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The Lie of Manageable Addiction

Among the many lies addicts tell themselves is that their addiction is manageable. Sure, they may have an addiction, but it’s under control and they can continue to function more or less normally for as long as they keep it controlled. There is a kernel of truth in it. After all, addicts are often very good at hiding their addictions for a while. Someone who seems functional, and even successful may be privately battling addiction. There are even outliers like Churchill, who led Britain through World War II while regularly drinking enough to put a normal person in the hospital.

Despite these examples, addiction is not a stable condition. The successful person who hides her addiction today will show cracks before long. There will always be a point when she decides to escalate. Your body always adapts to whatever drug you are using. When your body adapts, you no longer get the feeling you wanted when you first started using. That means the pain will come back or you will resume thinking about whatever it was you wanted to forget. Maybe you do just a little more, just this once. If you try to back off, you discover that addiction only goes one way. It’s easy to do more and hard to do less. The addiction grows in this way until it is no longer “manageable.”

Even if you are able to maintain a stable dose for a while, the addiction will still affect your life. The drug slowly becomes the most important thing. You schedule your time around when you can use. You worry about any deviation that might make you miss a dose. Your happiness becomes dependent on using. After every dose you are briefly satisfied and they you soon start looking forward to the next one. You don’t want to try new things. You might feel a bit flat. This is the best case scenario when trying to manage an addiction and escalation at some point remains likely.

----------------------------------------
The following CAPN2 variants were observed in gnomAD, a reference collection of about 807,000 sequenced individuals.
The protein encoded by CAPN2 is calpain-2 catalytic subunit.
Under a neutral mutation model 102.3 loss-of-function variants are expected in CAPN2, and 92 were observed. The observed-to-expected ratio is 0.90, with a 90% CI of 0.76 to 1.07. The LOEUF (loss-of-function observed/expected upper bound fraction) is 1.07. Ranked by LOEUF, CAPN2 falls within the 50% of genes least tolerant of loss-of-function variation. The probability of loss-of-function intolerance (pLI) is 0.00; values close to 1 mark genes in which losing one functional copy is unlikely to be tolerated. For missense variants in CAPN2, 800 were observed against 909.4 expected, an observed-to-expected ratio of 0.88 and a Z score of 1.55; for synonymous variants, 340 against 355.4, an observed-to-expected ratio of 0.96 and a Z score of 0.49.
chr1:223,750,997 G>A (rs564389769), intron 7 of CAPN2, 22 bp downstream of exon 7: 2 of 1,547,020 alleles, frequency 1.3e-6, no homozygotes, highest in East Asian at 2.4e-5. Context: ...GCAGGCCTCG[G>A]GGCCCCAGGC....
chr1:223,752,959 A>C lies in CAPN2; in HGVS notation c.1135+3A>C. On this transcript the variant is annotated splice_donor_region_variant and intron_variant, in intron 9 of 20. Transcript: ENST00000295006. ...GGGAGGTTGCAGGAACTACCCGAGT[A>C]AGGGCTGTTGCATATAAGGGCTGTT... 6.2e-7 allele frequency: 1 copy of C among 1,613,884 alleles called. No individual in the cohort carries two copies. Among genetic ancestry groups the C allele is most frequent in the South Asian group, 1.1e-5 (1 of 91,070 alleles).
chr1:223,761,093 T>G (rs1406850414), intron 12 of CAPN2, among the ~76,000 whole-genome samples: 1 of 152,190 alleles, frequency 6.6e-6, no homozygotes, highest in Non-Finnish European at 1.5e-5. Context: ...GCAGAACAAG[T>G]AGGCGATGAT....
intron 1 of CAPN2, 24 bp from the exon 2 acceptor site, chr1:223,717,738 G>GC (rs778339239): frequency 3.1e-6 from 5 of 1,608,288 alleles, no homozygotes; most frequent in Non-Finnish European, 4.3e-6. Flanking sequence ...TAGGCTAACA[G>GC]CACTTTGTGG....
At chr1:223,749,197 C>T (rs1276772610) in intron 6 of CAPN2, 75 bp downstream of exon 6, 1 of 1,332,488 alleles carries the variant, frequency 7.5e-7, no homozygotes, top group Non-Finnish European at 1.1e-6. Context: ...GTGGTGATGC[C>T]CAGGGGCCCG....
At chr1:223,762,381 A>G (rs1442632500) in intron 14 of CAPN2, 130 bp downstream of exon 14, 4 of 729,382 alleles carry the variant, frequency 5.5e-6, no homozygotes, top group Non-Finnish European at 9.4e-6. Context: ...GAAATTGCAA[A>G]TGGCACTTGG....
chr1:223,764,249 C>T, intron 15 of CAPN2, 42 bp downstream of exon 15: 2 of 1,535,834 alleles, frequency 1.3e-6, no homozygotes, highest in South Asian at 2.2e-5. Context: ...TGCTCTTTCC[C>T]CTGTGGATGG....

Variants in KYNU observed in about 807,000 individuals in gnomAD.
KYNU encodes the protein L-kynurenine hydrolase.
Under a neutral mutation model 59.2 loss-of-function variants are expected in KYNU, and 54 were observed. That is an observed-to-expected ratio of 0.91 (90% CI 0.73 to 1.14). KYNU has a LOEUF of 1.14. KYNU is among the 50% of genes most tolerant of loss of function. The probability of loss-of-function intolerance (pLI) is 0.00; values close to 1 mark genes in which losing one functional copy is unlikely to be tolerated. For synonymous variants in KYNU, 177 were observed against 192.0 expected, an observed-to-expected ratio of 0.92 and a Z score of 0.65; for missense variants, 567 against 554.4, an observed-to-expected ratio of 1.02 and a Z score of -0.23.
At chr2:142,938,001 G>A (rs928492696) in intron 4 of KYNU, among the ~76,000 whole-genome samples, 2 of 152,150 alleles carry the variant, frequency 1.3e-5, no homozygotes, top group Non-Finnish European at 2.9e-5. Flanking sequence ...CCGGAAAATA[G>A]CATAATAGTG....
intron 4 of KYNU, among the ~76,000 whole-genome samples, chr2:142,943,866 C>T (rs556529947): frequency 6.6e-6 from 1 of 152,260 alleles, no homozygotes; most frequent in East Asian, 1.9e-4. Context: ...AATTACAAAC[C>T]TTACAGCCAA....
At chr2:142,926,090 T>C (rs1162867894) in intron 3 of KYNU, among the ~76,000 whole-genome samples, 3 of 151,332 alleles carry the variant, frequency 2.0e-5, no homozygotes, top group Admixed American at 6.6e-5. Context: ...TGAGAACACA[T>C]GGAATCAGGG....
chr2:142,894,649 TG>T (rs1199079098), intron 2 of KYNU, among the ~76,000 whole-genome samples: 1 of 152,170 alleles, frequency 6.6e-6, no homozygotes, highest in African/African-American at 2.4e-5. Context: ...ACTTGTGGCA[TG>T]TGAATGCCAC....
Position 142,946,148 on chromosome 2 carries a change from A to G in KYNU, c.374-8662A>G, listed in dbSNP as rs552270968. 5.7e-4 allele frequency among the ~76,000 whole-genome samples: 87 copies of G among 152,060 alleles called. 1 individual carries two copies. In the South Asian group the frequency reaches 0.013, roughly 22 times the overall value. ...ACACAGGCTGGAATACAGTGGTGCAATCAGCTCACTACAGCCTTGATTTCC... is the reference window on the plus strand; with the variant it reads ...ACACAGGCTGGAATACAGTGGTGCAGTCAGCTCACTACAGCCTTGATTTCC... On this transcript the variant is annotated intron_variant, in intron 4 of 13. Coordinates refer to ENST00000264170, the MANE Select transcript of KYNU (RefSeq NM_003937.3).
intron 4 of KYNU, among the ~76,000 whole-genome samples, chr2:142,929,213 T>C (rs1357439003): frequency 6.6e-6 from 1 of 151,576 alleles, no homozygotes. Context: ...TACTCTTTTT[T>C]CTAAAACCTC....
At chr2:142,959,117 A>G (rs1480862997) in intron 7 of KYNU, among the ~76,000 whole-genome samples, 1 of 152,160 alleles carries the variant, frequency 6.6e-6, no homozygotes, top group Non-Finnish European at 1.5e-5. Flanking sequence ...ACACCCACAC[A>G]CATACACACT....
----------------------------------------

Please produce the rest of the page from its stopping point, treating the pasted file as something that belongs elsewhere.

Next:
Having a “manageable addiction” is no way to live. If your use has remained stable for a while, be thankful it hasn’t gotten worse, but don’t expect the situation to continue. If your life seems to be going ok despite your addiction, now is the time to get treatment. It will only be harder if you wait until the cracks start to show, until you feel like you’re losing control of your drug use, or until your family or boss start to notice your addiction.

If you or someone you love is struggling with addiction, don’t be fooled into thinking it’s manageable. It will only get worse and harder to treat. Living with a “manageable addiction” is only waiting for the other shoe to drop. The sooner you get help, the sooner you will start to focus on improvement, rather that preventing decline. Gardens Wellness Center can help. Call us today at 844-325-9168 or email us at